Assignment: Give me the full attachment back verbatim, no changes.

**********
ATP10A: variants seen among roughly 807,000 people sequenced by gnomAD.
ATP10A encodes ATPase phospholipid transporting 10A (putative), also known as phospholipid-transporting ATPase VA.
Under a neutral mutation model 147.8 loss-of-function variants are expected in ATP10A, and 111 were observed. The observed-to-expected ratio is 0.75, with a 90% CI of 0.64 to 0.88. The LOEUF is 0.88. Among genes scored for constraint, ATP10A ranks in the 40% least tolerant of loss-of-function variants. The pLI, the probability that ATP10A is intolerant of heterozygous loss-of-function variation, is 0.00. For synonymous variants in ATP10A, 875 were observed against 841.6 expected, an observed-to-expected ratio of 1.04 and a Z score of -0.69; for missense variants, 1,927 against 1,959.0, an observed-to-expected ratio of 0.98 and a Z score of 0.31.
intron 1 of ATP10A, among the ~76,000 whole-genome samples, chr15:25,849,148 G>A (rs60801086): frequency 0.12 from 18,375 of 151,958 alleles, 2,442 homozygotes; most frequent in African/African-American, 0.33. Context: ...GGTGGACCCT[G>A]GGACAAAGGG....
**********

ATP10A: variants seen among roughly 807,000 people sequenced by gnomAD.
ATP10A encodes ATPase phospholipid transporting 10A (putative), also known as phospholipid-transporting ATPase VA.
Under a neutral mutation model 147.8 loss-of-function variants are expected in ATP10A, and 111 were observed. The observed-to-expected ratio is 0.75, with a 90% CI of 0.64 to 0.88. The LOEUF is 0.88. Among genes scored for constraint, ATP10A ranks in the 40% least tolerant of loss-of-function variants. The pLI, the probability that ATP10A is intolerant of heterozygous loss-of-function variation, is 0.00. For synonymous variants in ATP10A, 875 were observed against 841.6 expected, an observed-to-expected ratio of 1.04 and a Z score of -0.69; for missense variants, 1,927 against 1,959.0, an observed-to-expected ratio of 0.98 and a Z score of 0.31.
intron 1 of ATP10A, among the ~76,000 whole-genome samples, chr15:25,849,148 G>A (rs60801086): frequency 0.12 from 18,375 of 151,958 alleles, 2,442 homozygotes; most frequent in African/African-American, 0.33. Context: ...GGTGGACCCT[G>A]GGACAAAGGG....